AP Business Writer
RICHMOND, Va. - When Jonnie R. Williams believed he had discovered a way to make tobacco less harmful, the Virginia car salesman-turned-entrepreneur tried to sell his method to anyone who would listen.
Persistent phone calls to the nation's top cigarette makers often started with the colorful venture capitalist, once dubbed a "super salesman" by a local newspaper, dropping names and promising the world.
"He knew anybody and everybody and they were all endorsing his idea," said Chris Coggins, who ran the research and development department at Lorillard Tobacco Co. in the mid-1990s. "He very much is a hobnobber, that's his raison d'etre, if you like. ... He was a salesman like you wouldn't believe."
Two decades later, revelations of Williams' lavish gifts and his company's generous political donations are at the center of a growing scandal dogging the state's two top Republicans - Gov. Bob McDonnell and Attorney General Ken Cuccinelli.
The FBI is looking into Williams' relationship with McDonnell and his wife, each of whom promoted Williams' company's latest health care breakthrough - an anti-inflammatory supplement - around the same time he paid $15,000 for the catering at their daughter's wedding. Cuccinelli also has come under scrutiny for failing to report that he vacationed at Williams' homes and held stock in the company, Star Scientific Inc.
Meanwhile, Star Scientific Inc. is facing a federal securities probe and three shareholder lawsuits, alleging trumped up claims for its newest supplement, Anatabloc, which boasts Hall of Fame golfer Fred Couples as an ambassador.
Williams and company officials declined to be interviewed.
In more than 30 years in business, Williams, the son of a retired sailor-turned-Philip Morris employee has earned his share of scars and riches.
Early on, Williams established himself as a gifted car and real estate salesman in his hometown of Fredericksburg. By the time he was 24, he drove a gold Mercedes, owned two homes and had started a local optical shop, according to newspaper articles in The Free Lance-Star from the `70s and `80s.
His optical business collapsed following a fine for fitting contact lenses without a license, leaving tens of thousands of dollars in debts, according to a 1981 article. As the shop's equipment was auctioned off, one person told the paper: "If the auctioneer really wanted to make some money, he'd auction off Jonnie's address and phone number."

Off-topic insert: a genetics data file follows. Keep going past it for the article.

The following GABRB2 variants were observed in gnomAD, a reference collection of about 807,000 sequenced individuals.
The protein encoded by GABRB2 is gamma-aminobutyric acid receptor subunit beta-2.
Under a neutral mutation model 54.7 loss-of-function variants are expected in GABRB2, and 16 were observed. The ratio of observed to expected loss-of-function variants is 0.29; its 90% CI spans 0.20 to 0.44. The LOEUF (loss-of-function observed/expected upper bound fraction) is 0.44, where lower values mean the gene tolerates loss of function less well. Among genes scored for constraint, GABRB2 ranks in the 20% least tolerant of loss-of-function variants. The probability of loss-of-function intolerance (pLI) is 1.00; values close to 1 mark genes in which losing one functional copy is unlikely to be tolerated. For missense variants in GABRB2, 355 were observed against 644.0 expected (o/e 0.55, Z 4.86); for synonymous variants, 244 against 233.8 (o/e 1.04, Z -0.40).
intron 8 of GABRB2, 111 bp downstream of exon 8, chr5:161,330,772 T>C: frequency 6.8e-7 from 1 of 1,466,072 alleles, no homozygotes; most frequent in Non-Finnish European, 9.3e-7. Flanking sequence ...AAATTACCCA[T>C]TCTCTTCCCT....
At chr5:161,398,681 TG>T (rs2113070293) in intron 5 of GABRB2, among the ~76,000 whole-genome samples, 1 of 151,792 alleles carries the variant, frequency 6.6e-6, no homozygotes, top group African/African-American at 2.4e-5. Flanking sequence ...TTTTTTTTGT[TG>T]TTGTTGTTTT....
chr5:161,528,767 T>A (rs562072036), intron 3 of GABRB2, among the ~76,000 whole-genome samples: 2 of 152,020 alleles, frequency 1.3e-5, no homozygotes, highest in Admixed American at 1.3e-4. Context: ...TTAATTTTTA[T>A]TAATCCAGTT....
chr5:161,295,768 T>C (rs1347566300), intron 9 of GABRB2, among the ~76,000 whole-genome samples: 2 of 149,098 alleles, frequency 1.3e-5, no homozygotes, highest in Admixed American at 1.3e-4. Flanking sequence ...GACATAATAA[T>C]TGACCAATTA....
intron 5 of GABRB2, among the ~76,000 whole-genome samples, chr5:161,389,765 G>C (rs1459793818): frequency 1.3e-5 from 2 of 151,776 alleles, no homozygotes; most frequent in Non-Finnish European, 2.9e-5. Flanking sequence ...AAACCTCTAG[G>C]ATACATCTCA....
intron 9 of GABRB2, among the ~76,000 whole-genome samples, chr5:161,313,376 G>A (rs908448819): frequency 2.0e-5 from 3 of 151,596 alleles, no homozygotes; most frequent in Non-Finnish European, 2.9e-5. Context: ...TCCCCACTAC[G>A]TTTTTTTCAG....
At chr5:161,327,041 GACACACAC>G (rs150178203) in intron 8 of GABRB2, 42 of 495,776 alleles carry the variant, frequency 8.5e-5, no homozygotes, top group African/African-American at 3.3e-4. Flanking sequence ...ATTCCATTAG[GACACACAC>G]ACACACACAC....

He invested in other medical businesses, including Spectra Pharmaceutical Services Inc., a failed Massachusetts company that touted an ointment to possibly cure eye diseases. The Securities and Exchange Commission accused Williams of using research with false claims to promote Spectra's stock.
Williams, without admitting guilt, paid back the alleged ill-gotten profits, plus interest, totaling $295,000.
The three shareholder lawsuits make similar allegations against Star Scientific, saying the company made false or misleading statements regarding clinical trials of its Anatabloc supplements.
"They promoted the product by creating the impression that Johns Hopkins University and the medical facility there had endorsed it," said Thomas Shapiro, a Boston attorney for one of the shareholders.
Still Williams, 57, has had successes, including investments in the maker of laser vision-correction systems that eventually became part of Abbott Laboratories Inc. He has been involved in startup bio-tech companies for more than a decade and owns numerous properties, including a six-bedroom house outside Richmond valued at $2.2 million.
Cuccinelli and some of his staff stayed at the home in 2010 when they were transitioning into office. According to property records, he also owns two homes at Smith Mountain Lake - one valued at around $2.3 million - that played hosted to both McDonnell and Cuccinelli.
Before Star began to focus on supplements, Williams was in a race against himself to try to "fix the tobacco industry." He testified in a legal case over his patents that sought to use microwaves to reduce the cancer-causing toxins called tobacco-specific nitrosamines, or TSNAs, that develop during the tobacco curing process.
To some, Williams was blowing smoke.
"It was all a sales story, and like all good scientists would, I wanted some data. And there never was any. It was `sign here' almost," Coggins said, recalling his many conversations with Williams.
By the late 1990s, Star Scientific, formerly known as Star Tobacco and Pharmaceuticals, was selling cigarettes to make money while it tried to license its process to make less harmful ones. The "StarCured" method was at the center of a longstanding patent dispute that ended last year with Reynolds American Inc., the country's second-largest tobacco company, paying Star Scientific $5 million as part of a confidential settlement agreement.